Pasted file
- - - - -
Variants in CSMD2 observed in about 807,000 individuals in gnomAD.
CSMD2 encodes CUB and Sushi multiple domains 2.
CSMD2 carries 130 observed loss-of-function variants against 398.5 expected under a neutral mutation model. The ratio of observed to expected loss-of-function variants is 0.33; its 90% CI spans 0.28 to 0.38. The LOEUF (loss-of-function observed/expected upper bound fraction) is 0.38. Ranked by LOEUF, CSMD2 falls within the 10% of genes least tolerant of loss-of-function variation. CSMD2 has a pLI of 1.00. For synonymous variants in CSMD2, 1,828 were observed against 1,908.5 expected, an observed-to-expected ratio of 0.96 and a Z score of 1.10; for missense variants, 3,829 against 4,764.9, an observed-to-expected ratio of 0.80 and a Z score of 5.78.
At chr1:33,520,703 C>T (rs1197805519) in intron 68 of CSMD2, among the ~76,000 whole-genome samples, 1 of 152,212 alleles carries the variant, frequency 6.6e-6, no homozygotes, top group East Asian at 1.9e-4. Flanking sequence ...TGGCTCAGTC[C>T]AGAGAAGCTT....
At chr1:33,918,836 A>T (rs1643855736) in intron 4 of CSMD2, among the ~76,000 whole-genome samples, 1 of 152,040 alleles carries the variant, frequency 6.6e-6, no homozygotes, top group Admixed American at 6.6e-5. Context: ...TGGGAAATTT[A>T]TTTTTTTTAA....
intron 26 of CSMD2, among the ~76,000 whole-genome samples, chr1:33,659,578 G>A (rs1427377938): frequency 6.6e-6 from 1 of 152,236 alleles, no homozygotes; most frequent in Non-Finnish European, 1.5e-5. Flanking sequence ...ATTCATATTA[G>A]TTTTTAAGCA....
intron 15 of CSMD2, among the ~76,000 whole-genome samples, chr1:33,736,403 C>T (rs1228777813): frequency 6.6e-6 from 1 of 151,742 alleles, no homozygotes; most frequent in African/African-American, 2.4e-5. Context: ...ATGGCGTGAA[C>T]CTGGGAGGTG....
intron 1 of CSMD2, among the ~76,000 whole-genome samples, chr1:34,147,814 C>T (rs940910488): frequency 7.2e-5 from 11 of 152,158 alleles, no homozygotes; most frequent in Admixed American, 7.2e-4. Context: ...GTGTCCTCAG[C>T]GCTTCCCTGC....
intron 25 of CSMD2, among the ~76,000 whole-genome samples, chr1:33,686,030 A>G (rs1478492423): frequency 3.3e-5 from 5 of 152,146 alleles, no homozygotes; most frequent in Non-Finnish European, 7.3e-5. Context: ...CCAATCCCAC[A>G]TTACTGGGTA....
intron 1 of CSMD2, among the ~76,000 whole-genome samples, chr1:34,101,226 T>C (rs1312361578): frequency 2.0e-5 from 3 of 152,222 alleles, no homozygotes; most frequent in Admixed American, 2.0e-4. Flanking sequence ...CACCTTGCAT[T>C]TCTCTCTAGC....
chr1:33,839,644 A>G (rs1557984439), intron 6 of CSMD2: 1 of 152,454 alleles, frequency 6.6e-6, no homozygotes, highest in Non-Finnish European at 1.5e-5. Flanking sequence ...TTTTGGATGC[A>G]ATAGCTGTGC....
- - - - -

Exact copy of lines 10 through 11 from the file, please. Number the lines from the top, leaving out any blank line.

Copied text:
intron 1 of CSMD2, among the ~76,000 whole-genome samples, chr1:34,101,226 T>C (rs1312361578): frequency 2.0e-5 from 3 of 152,222 alleles, no homozygotes; most frequent in Admixed American, 2.0e-4. Flanking sequence ...CACCTTGCAT[T>C]TCTCTCTAGC....
chr1:33,839,644 A>G (rs1557984439), intron 6 of CSMD2: 1 of 152,454 alleles, frequency 6.6e-6, no homozygotes, highest in Non-Finnish European at 1.5e-5. Flanking sequence ...TTTTGGATGC[A>G]ATAGCTGTGC....